2019 Chemical Biology Symposium

Athens, GA – May 14th  2019

Second Annual Greater Atlanta Chemical Biology Symposium & 2019 Southeastern Chemical Biology Symposium

The joint Second Annual Greater Atlanta Chemical Biology Symposium and
2019 Southeastern Chemical Biology Symposium will take place Tuesday, May 14th at University of Georgia in Athens, Georgia. The conference will feature talks by faculty, post-doctoral scholars, graduate students, and undergraduate students selected from submitted abstracts. The symposium will include a poster session to facilitate discussion and collaborative interactions between scientists from all career stages. The keynote presentation will conclude the event.

Registration link coming soon.

Local Organizers

Kojo Mensa-Wilmot
University of Georgia

William Wuest
Emory University

Y. George Zheng
University of Georgia

Richard Lee
St. Jude Children’s Hospital

Keynote Address

Keynote Speaker: Nathaneal S. Gray, Ph.D.

Dr. Nathanael Gray is the Nancy-Lurie Marks Professor of Biological Chemistry and Molecular Pharmacology at Harvard Medical School and the Dana Farber Cancer Institute.  Nathanael leads the Dana Farber Program in Chemical Biology and manages a research laboratory.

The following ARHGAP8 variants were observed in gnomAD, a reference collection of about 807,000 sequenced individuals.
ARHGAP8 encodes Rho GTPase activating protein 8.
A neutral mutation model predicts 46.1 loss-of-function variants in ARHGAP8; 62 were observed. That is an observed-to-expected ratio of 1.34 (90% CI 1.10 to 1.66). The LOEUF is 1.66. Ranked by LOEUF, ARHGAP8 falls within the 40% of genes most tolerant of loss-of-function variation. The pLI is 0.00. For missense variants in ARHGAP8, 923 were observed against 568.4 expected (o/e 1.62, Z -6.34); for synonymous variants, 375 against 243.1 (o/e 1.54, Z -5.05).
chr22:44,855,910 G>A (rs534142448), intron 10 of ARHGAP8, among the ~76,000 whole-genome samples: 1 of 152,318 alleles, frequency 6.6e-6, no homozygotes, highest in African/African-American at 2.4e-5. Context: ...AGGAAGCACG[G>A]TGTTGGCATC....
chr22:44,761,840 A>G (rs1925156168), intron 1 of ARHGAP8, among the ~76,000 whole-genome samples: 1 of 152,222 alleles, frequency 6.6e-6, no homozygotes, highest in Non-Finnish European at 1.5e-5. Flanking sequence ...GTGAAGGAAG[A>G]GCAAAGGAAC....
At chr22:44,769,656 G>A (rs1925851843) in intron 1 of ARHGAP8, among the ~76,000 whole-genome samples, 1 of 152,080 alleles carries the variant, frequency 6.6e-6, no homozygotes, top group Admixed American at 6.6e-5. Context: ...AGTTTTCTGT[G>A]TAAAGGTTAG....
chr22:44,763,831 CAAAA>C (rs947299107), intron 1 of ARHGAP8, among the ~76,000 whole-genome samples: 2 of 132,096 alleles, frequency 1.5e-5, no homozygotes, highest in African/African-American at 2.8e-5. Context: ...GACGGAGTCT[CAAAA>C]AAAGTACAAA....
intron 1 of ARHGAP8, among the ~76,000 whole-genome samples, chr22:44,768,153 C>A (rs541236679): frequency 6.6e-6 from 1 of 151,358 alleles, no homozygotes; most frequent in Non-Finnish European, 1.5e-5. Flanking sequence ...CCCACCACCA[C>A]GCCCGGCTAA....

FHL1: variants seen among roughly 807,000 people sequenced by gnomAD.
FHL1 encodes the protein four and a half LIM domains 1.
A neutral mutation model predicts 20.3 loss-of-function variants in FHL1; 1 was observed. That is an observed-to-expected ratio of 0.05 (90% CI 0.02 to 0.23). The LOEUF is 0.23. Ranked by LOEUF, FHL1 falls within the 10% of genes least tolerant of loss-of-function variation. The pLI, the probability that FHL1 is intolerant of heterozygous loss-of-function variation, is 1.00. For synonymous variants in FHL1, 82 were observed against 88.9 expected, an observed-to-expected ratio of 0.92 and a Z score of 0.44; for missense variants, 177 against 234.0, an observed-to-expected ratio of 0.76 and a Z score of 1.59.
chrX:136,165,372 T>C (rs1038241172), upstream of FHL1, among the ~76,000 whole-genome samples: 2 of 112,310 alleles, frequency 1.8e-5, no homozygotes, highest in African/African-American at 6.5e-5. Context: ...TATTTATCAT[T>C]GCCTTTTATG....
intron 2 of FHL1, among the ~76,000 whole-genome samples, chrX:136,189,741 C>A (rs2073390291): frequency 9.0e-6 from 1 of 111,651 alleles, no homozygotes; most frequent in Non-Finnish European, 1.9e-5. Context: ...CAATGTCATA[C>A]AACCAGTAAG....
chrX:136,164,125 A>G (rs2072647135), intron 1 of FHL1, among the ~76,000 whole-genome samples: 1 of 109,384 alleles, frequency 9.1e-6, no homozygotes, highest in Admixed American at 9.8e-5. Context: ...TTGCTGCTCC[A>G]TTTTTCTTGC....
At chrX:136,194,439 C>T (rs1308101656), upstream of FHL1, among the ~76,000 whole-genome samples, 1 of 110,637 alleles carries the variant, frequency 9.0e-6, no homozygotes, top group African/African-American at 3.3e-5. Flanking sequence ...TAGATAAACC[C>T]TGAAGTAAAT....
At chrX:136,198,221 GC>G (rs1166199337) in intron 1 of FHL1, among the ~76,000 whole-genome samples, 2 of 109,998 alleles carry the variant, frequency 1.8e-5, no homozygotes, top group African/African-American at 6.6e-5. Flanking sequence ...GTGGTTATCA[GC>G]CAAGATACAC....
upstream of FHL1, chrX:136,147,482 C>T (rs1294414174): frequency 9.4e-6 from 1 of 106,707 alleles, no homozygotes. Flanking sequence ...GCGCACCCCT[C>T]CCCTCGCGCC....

Nathanael has pioneered pharmacological approaches to inhibit protein kinases that become dysregulated in cancer and other diseases. His development of innovative strategies for kinase inhibition has enabled discovery of first‐in‐class inhibitors that have become widely used as tools to elucidate kinase function in biological systems and resulted in the development of clinical candidates and approved drugs. Nathanael also pioneered the development of covalent compounds that target unique cysteine residues to achieve selectivity across the approximately 520 human kinases. He developed the first ATP‐competitive inhibitors of mTOR that were used to discover that mTOR regulates protein translation and cell growth more profoundly than previously anticipated. Following this, Dr. Gray developed the concept of ‘mutant‐selective’ kinase inhibitors which resulted in the development of a new class of EGFR inhibitors currently approved for the treatment of lung cancer. Nathanael has contributed to the field of small molecule induced protein degradation and has developed new strategies and approaches for efficiently discovering new degrader molecules.

These contributions have been recognized through numerous awards including the National Science Foundation’s Career award in 2007, the Damon Runyon Foundation Innovator award in 2008, the American Association for Cancer Research for Team Science in 2010 and for Outstanding Achievement in 2011, the American Chemical Society award for Biological Chemistry in 2011, and the Nancy Lurie Marks endowed professorship in 2015.

 

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